While the frequency of loneliness and isolation among seniors has long been a concern, the current COVID-19 pandemic has dramatically raised awareness and sensitivity to the issue. Other communities are abruptly confronted with a new social reality due to pandemic effects, leading friends, family, and service providers to better comprehend the aging human experience and attempt to reduce its negative outcomes.
According to prevalence rates, over 30% of older persons experience loneliness and/or social isolation, with 5% reporting feeling lonely frequently or consistently. According to the National Institute on Aging, loneliness and social isolation can have long-term harmful impacts on older persons’ physical and mental health, including:
- Reduced cognitive ability
- Coronary artery disease
- High blood pressure
- Immune system deficiency
- Deterioration of cognition
- Alzheimer’s disease is a disease that affects people of all ages.
For a variety of causes, people might become socially isolated. Some reasons are growing older or weaker, the loss of their wives, husbands, and friends, limited mobility, illness, or leaving the workplace. Older individuals typically have limited mobility options and are afraid of burdening their family and friends. This may encourage individuals to stay at home or decline invitations to join family and social activities. To alleviate the impacts of loneliness and isolation, it is critical for social workers, family, and caregivers to compensate when necessary and provide elders with opportunities for social involvement.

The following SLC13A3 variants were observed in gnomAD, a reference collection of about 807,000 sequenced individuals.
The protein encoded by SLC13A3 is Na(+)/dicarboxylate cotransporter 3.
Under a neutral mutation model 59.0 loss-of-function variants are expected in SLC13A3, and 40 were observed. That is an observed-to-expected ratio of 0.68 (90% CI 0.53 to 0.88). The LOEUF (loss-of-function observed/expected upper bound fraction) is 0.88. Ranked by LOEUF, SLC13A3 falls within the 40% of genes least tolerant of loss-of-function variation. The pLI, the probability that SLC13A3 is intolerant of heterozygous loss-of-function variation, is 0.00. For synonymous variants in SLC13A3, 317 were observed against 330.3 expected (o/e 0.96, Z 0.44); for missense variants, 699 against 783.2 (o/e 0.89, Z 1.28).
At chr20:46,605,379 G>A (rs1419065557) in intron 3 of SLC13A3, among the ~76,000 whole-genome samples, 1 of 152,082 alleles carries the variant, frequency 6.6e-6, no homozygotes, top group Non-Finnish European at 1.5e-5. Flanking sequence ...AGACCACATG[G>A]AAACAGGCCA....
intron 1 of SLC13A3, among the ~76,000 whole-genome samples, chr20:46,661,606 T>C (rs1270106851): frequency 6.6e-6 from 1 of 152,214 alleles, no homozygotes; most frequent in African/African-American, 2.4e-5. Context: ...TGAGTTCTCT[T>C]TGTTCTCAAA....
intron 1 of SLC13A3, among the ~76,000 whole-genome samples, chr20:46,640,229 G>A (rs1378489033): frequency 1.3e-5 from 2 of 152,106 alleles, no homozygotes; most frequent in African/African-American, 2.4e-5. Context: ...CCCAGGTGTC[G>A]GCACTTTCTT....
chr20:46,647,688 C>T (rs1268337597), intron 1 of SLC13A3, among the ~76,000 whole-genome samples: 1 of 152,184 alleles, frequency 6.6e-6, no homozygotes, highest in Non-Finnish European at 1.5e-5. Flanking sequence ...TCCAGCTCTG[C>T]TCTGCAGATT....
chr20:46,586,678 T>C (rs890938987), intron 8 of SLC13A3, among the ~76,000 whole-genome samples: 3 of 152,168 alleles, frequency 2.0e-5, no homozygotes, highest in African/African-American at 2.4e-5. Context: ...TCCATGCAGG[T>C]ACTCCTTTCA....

Recognizing Isolation and Loneliness
According to research, social isolation and loneliness have a lot in common and are often used interchangeably. Socially isolated individuals have little contact with their social networks. On the other hand, loneliness is being alone, detached, or apart from others. An imbalance between desired and actual interpersonal contact can be defined like this. Even though gerontological academics and social workers distinguish between loneliness and social isolation, both negatively influence older people’s health and well-being and emphasize the benefits of therapies that address both.
Addressing Loneliness and COVID-19
Seniors’ loneliness and social isolation increased due to the previous pandemic, as they were forced to be apart from loved ones for extended periods. Patient isolation remained a top priority and a significant problem in residential settings. Senior programming directors were pushed to develop unique solutions to alleviate their clients’ loneliness and isolation because families could not enter the facility. Visiting from outside windows or from afar in outdoor establishments has become the new standard. Using technology such as Skype, FaceTime, Zoom, and Hangouts has been proven to be quite helpful in keeping at-risk persons socially active while simultaneously keeping them isolated. Rethinking how to provide group activities with acceptable social distance, or planning compassionate visits for people towards the end of their lives, offered an additional obstacle for individuals who value social interaction the most.